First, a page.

Is the Tehran Stock Exchange a good barometer of Iran’s economy?
The Tehran Stock Exchange (TSE) has been in the news lately, not because its 22-month downward slide has ended but because four cabinet members highlighted its plight in a letter to President Rouhani. The letter was written on September 9 but came to light last week. The brouhaha that followed, however, was not about the TSE and what its poor performance means for the economy, which appears to be heading for a double-dip recession. Attention has instead focused on division within Rouhani’s coalition government and what it means for the future of his austerity program. I wrote about these issues for Al Monitor last week; here I’d like to take a closer look at the performance of the TSE — how badly it has done, and why.But before getting to the numbers, it is worth repeating here something I noted in my Al Monitor piece, that the TSE is not big enough or transparent enough to have the level of influence of the big stock markets in advanced economies. In Iran the TSE’s economic influence is limited by too much influence by government-owned banks and enterprises, and a lack of a legal infrastructure that protects ordinary investors against insider trading.
As for performance, the TSE index has taken a serious beating since December 2013. It reached close to 89,000 points (see graph of nominal values on the left) before falling to less than 65,000 in early September, when the ministers’ letter was written. This is a loss of more than one-third in the value of the index, and a similar loss in the wealth held by those who hold its stocks. The decline in the index is even sharper when you correct for inflation (right graph), registering a loss of 48%.
Figure. The TSE index (average monthly nominal values on the left graph, real values on the right) and the real interest rate.
Notes. Monthly averages of the TSE index are calculated from daily values, and the real values are obtained using the Central Bank of Iran Consumer Price Index.
Source: The TSE index was downloaded from the TSE website; interest rates on one-year deposits and the CPI are from the Central Bank of Iran.
But, before you feel too sorry for TSE investors consider the amazing run they had up to December 2013. In the two years before heading south, the index had risen by 252% in nominal terms and 100% after accounting for inflation. Even with the sharp decline since 2013, between December 2011 and September 2015 the index gained 9.4% per year in real terms. Not bad for an economy in recession and with negative interest rates.
If I had added the growth rate of the GDP to this graph it would have been obvious that the TSE is not a good barometer of Iran’s economy. It rose when the economy was doing badly — during 2012-13 — and fell when it actually started doing better.
If the TSE does not reflect the health of Iran’s economy, what does it reflect? What explains its violent up and down in recent years?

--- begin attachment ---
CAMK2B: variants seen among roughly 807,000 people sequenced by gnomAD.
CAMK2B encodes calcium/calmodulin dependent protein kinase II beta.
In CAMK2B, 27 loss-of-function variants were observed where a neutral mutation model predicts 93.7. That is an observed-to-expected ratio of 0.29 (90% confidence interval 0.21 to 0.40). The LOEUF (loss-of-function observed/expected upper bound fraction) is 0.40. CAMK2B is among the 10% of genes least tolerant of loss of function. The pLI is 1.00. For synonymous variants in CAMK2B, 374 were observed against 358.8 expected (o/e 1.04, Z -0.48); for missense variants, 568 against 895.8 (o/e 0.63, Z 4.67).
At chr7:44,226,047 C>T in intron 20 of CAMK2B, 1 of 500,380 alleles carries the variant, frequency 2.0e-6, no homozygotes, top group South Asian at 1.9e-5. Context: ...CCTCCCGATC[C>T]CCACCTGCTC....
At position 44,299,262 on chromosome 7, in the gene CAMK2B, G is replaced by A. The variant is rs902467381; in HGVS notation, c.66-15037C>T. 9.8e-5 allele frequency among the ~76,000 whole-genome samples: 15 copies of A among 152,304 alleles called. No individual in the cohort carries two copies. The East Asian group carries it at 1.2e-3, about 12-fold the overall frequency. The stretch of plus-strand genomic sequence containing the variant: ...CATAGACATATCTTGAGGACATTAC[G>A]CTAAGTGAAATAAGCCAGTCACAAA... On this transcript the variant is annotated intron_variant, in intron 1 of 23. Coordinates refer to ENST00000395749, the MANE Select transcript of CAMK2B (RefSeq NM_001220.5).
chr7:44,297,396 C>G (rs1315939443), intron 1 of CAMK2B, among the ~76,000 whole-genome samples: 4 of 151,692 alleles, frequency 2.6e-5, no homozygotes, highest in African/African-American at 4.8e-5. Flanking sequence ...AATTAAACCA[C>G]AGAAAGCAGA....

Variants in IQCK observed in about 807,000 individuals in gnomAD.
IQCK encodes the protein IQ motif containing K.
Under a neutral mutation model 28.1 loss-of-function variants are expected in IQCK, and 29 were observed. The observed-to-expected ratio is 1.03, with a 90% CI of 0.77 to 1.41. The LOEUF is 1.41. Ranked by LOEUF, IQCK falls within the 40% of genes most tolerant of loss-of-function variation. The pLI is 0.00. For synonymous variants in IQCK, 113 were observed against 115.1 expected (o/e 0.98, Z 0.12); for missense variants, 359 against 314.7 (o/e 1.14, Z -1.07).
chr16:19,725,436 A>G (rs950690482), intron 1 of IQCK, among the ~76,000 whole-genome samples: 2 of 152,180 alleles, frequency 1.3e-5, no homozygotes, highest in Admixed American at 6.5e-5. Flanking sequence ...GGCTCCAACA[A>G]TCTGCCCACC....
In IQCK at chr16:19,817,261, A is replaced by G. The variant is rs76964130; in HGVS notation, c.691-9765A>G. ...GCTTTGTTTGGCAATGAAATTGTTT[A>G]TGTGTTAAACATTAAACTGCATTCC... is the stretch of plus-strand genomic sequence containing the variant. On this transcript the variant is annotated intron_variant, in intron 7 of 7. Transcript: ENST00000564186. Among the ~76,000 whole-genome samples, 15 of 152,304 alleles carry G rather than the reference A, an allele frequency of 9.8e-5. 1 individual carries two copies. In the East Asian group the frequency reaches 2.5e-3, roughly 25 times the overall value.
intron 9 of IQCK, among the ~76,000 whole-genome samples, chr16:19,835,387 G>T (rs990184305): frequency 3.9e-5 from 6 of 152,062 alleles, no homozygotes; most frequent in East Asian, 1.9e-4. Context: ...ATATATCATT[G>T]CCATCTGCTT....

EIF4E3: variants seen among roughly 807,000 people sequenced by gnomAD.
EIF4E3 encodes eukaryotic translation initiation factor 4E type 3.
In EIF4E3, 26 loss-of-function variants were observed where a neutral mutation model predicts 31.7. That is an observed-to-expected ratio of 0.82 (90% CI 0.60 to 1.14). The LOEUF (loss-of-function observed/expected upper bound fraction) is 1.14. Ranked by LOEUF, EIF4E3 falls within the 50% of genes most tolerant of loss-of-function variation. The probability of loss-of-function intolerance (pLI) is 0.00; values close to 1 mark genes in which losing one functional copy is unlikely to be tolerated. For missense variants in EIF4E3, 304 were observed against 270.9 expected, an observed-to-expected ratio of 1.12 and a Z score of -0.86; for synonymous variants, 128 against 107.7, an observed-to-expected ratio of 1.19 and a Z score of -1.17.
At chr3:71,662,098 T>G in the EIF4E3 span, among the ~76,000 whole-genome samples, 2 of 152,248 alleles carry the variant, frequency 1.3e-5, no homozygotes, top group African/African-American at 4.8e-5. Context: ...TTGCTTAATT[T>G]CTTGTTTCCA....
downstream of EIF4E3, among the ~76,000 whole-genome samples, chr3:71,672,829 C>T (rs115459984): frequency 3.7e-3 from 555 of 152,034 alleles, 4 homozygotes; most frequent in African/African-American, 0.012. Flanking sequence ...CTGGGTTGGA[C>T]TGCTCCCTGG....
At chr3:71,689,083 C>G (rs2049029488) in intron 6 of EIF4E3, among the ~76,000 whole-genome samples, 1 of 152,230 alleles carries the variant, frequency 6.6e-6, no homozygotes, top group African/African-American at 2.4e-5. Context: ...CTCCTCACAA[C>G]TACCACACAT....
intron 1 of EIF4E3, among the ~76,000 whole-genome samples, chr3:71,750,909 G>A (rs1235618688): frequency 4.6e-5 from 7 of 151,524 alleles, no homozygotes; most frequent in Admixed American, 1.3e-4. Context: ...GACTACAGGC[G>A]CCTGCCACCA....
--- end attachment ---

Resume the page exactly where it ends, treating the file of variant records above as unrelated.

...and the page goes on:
I have to confess that explaining the behavior of stocks is not remotely in my fields of expertise, but the graphs above offer a rather standard explanation that is worth thinking about. Stocks were increasing in value when interest rates were negative in 2012-2013 (perhaps because people were fleeing banks), and falling when interest rates rose sharply in mid 2014.
Real interest rates (nominal one-year deposit rates minus the rate of inflation) were negative until 2014, falling below minus 17% in 2013-2014, when inflation reached 35% and nominal interest rates were capped at 17% per year. After Rouhani’s election, and thanks to his austerity program, inflation fell to 15% per year while interest rates rose to 22%. Real rates thus turned sharply positive, first to over 6%, where they stand now.
High interest rates can negatively affect stock prices because they attract money away from stocks and into lucrative bank deposits. This is hardly surprising at a time when company values are in doubt because industrial production has slowed down (actually fell by 2% during spring 2015, as reported by the Statistical Center of Iran), the oil market is very weak, and the fruits of the July nuclear deal are yet to come.
There is no doubt that the high price of credit is an important reason for the weak recovery, or what the IMF suspects is a double-dip recession. Tight monetary policy has no doubt played a role in keeping interest rates high and contributing to the stock market’s blues. But knowing this is not the same as knowing how to bring interest rates down or raise the TSE index. High interest rates are the result of a deep banking crisis that started several years ago under Ahmadinejad, and made much worse by the fall in the price of oil. The banking crisis cannot be solved and interest rates brought down by printing money.
On a final note, I find it curious that in their letter to President Rouhani, the four esteemed ministers — the portfolio of three of whom concerns the economy — chose to focus on the weak TSE index instead of something more relevant, like unemployment. Focusing on the TSE has made them seem overly concerned with the fortunes of the rich, who own equity, and little with the suffering of the unemployed, the poor, and even the middle class, few of whom own stocks. It is particularly unseemly for a labor minster — one of the four signatories — who likes to think of himself as the champion of the working men and women. They would have all been much better off focusing on high interest rates, the credit crunch, and the lack of progress in employment.